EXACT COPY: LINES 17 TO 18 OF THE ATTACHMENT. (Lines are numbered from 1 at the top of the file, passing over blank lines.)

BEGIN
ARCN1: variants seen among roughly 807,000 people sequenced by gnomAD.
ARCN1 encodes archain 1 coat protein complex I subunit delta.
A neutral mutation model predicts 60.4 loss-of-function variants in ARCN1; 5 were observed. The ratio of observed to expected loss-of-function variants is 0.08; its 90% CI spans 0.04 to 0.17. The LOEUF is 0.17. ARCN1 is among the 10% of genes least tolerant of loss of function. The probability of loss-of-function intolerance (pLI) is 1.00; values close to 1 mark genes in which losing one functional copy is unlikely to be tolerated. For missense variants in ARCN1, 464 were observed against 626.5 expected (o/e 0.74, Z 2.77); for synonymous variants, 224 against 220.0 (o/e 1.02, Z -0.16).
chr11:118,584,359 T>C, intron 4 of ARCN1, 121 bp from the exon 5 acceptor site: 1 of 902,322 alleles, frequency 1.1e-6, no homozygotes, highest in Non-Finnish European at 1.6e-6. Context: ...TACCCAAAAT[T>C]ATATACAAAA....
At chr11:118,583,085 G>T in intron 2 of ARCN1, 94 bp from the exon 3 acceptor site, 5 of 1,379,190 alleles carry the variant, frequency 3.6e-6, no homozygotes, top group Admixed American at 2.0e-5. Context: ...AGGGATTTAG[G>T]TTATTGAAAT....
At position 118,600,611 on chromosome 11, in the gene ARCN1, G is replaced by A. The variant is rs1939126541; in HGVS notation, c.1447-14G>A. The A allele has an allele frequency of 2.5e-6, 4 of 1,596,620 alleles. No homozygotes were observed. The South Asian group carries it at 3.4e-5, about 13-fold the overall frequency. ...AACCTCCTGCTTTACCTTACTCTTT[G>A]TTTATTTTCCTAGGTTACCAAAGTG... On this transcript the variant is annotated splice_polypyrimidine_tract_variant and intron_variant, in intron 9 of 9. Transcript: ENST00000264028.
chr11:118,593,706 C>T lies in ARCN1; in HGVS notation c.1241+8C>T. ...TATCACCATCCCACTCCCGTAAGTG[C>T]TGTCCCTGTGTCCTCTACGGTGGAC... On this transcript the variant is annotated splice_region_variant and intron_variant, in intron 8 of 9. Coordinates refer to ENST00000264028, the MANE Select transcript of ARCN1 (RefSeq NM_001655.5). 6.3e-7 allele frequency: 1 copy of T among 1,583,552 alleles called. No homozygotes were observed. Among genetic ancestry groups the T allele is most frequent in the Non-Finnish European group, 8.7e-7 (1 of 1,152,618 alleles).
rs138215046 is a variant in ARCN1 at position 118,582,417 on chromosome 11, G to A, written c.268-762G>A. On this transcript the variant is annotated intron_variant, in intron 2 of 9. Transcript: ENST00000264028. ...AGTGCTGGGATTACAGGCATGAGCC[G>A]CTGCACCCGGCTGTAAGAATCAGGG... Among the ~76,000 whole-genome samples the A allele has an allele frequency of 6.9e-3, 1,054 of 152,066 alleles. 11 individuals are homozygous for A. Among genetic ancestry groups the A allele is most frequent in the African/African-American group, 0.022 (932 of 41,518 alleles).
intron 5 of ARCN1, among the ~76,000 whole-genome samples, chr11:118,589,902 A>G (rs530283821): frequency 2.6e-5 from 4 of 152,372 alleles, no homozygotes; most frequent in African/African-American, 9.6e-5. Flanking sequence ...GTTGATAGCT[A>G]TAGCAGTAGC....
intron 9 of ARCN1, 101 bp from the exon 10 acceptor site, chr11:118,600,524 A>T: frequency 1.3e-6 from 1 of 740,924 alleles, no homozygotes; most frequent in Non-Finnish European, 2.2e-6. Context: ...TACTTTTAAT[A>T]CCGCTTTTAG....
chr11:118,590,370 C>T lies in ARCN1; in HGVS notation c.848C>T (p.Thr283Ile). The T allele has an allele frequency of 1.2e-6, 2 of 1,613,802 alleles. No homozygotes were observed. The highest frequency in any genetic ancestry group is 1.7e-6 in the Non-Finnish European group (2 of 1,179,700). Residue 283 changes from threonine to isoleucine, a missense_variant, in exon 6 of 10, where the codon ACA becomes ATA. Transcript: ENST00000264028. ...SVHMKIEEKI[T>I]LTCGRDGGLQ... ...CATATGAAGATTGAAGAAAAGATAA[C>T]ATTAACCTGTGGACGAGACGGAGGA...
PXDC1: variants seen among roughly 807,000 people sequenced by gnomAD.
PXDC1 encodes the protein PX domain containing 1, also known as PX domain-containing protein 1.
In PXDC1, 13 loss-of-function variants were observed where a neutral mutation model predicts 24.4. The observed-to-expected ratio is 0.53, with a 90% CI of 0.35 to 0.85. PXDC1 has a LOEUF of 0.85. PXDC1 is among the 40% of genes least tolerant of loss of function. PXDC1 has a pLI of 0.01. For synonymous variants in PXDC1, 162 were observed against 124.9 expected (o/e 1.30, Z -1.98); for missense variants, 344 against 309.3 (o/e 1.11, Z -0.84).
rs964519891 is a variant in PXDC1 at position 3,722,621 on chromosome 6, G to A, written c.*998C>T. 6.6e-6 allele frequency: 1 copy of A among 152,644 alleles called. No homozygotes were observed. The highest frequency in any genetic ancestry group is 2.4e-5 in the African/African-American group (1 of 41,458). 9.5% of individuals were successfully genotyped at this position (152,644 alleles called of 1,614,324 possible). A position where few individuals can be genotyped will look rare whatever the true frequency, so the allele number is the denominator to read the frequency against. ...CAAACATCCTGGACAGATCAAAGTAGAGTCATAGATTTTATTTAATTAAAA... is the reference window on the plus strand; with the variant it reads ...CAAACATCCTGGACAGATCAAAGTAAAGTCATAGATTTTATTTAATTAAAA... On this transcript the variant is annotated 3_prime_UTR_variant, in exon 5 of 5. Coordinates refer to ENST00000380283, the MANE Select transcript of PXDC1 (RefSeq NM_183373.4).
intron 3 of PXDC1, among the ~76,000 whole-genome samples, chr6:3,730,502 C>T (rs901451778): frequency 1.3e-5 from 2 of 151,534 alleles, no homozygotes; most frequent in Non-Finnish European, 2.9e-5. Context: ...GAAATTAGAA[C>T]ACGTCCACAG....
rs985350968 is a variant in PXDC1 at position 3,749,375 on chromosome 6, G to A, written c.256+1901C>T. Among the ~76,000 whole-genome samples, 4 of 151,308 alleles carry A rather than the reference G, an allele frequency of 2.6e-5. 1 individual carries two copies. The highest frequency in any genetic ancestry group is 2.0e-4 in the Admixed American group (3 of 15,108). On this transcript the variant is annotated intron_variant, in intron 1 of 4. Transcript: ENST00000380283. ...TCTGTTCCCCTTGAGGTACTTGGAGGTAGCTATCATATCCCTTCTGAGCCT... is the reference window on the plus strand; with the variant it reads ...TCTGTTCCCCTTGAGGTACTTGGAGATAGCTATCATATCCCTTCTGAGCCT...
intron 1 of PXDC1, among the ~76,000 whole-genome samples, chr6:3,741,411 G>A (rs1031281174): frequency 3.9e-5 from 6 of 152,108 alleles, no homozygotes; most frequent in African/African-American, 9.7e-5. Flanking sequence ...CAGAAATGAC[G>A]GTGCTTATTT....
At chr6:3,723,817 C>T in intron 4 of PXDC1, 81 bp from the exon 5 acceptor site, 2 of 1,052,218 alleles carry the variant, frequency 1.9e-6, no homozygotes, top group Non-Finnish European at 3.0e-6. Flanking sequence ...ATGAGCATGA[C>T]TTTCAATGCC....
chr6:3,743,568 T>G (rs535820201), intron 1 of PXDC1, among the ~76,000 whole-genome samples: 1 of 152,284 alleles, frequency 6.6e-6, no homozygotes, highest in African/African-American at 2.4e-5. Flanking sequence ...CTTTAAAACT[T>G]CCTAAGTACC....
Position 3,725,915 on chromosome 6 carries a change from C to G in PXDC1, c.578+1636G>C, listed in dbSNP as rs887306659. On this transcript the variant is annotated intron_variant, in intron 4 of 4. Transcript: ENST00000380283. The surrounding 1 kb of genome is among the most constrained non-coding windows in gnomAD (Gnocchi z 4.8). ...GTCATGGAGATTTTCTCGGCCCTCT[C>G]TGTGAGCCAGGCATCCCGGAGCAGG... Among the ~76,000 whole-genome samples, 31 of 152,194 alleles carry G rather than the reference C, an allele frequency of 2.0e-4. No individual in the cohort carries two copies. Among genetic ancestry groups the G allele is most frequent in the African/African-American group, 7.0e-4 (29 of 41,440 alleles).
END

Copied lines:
rs985350968 is a variant in PXDC1 at position 3,749,375 on chromosome 6, G to A, written c.256+1901C>T. Among the ~76,000 whole-genome samples, 4 of 151,308 alleles carry A rather than the reference G, an allele frequency of 2.6e-5. 1 individual carries two copies. The highest frequency in any genetic ancestry group is 2.0e-4 in the Admixed American group (3 of 15,108). On this transcript the variant is annotated intron_variant, in intron 1 of 4. Transcript: ENST00000380283. ...TCTGTTCCCCTTGAGGTACTTGGAGGTAGCTATCATATCCCTTCTGAGCCT... is the reference window on the plus strand; with the variant it reads ...TCTGTTCCCCTTGAGGTACTTGGAGATAGCTATCATATCCCTTCTGAGCCT...
intron 1 of PXDC1, among the ~76,000 whole-genome samples, chr6:3,741,411 G>A (rs1031281174): frequency 3.9e-5 from 6 of 152,108 alleles, no homozygotes; most frequent in African/African-American, 9.7e-5. Flanking sequence ...CAGAAATGAC[G>A]GTGCTTATTT....